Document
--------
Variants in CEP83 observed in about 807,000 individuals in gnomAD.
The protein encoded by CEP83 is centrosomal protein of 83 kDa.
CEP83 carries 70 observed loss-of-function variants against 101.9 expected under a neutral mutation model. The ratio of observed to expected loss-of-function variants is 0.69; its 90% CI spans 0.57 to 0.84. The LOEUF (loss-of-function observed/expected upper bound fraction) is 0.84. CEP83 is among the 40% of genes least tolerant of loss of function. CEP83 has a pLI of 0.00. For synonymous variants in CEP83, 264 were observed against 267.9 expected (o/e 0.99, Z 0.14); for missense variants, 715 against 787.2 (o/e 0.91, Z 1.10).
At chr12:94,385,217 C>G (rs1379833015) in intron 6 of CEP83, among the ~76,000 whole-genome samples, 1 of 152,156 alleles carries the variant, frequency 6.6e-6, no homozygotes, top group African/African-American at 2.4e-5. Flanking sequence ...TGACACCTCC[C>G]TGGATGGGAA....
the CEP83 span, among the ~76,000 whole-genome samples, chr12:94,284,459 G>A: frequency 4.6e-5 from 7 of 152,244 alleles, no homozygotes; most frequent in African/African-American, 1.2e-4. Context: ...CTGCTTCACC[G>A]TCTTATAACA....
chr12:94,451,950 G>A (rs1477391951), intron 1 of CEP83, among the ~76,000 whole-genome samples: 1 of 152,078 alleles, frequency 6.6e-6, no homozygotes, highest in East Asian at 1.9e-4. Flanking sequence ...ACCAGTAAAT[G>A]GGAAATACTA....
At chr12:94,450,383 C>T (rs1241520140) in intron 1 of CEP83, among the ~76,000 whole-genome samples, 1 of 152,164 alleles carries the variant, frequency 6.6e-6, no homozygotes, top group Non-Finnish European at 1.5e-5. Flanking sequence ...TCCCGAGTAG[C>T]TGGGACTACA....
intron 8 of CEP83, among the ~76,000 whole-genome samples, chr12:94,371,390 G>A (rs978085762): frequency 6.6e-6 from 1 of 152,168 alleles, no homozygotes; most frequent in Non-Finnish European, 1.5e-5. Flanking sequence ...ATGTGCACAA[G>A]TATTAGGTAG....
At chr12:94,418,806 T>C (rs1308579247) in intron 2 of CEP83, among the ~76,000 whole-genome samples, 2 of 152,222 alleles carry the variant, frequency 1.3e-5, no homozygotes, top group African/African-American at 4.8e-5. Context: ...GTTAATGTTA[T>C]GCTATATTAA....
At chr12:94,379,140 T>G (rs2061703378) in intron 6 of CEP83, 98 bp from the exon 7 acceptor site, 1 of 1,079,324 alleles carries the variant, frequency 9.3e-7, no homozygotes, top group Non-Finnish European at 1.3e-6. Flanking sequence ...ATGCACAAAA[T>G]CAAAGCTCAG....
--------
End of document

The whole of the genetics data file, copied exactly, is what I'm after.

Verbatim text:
Variants in CEP83 observed in about 807,000 individuals in gnomAD.
The protein encoded by CEP83 is centrosomal protein of 83 kDa.
CEP83 carries 70 observed loss-of-function variants against 101.9 expected under a neutral mutation model. The ratio of observed to expected loss-of-function variants is 0.69; its 90% CI spans 0.57 to 0.84. The LOEUF (loss-of-function observed/expected upper bound fraction) is 0.84. CEP83 is among the 40% of genes least tolerant of loss of function. CEP83 has a pLI of 0.00. For synonymous variants in CEP83, 264 were observed against 267.9 expected (o/e 0.99, Z 0.14); for missense variants, 715 against 787.2 (o/e 0.91, Z 1.10).
At chr12:94,385,217 C>G (rs1379833015) in intron 6 of CEP83, among the ~76,000 whole-genome samples, 1 of 152,156 alleles carries the variant, frequency 6.6e-6, no homozygotes, top group African/African-American at 2.4e-5. Flanking sequence ...TGACACCTCC[C>G]TGGATGGGAA....
the CEP83 span, among the ~76,000 whole-genome samples, chr12:94,284,459 G>A: frequency 4.6e-5 from 7 of 152,244 alleles, no homozygotes; most frequent in African/African-American, 1.2e-4. Context: ...CTGCTTCACC[G>A]TCTTATAACA....
chr12:94,451,950 G>A (rs1477391951), intron 1 of CEP83, among the ~76,000 whole-genome samples: 1 of 152,078 alleles, frequency 6.6e-6, no homozygotes, highest in East Asian at 1.9e-4. Flanking sequence ...ACCAGTAAAT[G>A]GGAAATACTA....
At chr12:94,450,383 C>T (rs1241520140) in intron 1 of CEP83, among the ~76,000 whole-genome samples, 1 of 152,164 alleles carries the variant, frequency 6.6e-6, no homozygotes, top group Non-Finnish European at 1.5e-5. Flanking sequence ...TCCCGAGTAG[C>T]TGGGACTACA....
intron 8 of CEP83, among the ~76,000 whole-genome samples, chr12:94,371,390 G>A (rs978085762): frequency 6.6e-6 from 1 of 152,168 alleles, no homozygotes; most frequent in Non-Finnish European, 1.5e-5. Flanking sequence ...ATGTGCACAA[G>A]TATTAGGTAG....
At chr12:94,418,806 T>C (rs1308579247) in intron 2 of CEP83, among the ~76,000 whole-genome samples, 2 of 152,222 alleles carry the variant, frequency 1.3e-5, no homozygotes, top group African/African-American at 4.8e-5. Context: ...GTTAATGTTA[T>C]GCTATATTAA....
At chr12:94,379,140 T>G (rs2061703378) in intron 6 of CEP83, 98 bp from the exon 7 acceptor site, 1 of 1,079,324 alleles carries the variant, frequency 9.3e-7, no homozygotes, top group Non-Finnish European at 1.3e-6. Flanking sequence ...ATGCACAAAA[T>G]CAAAGCTCAG....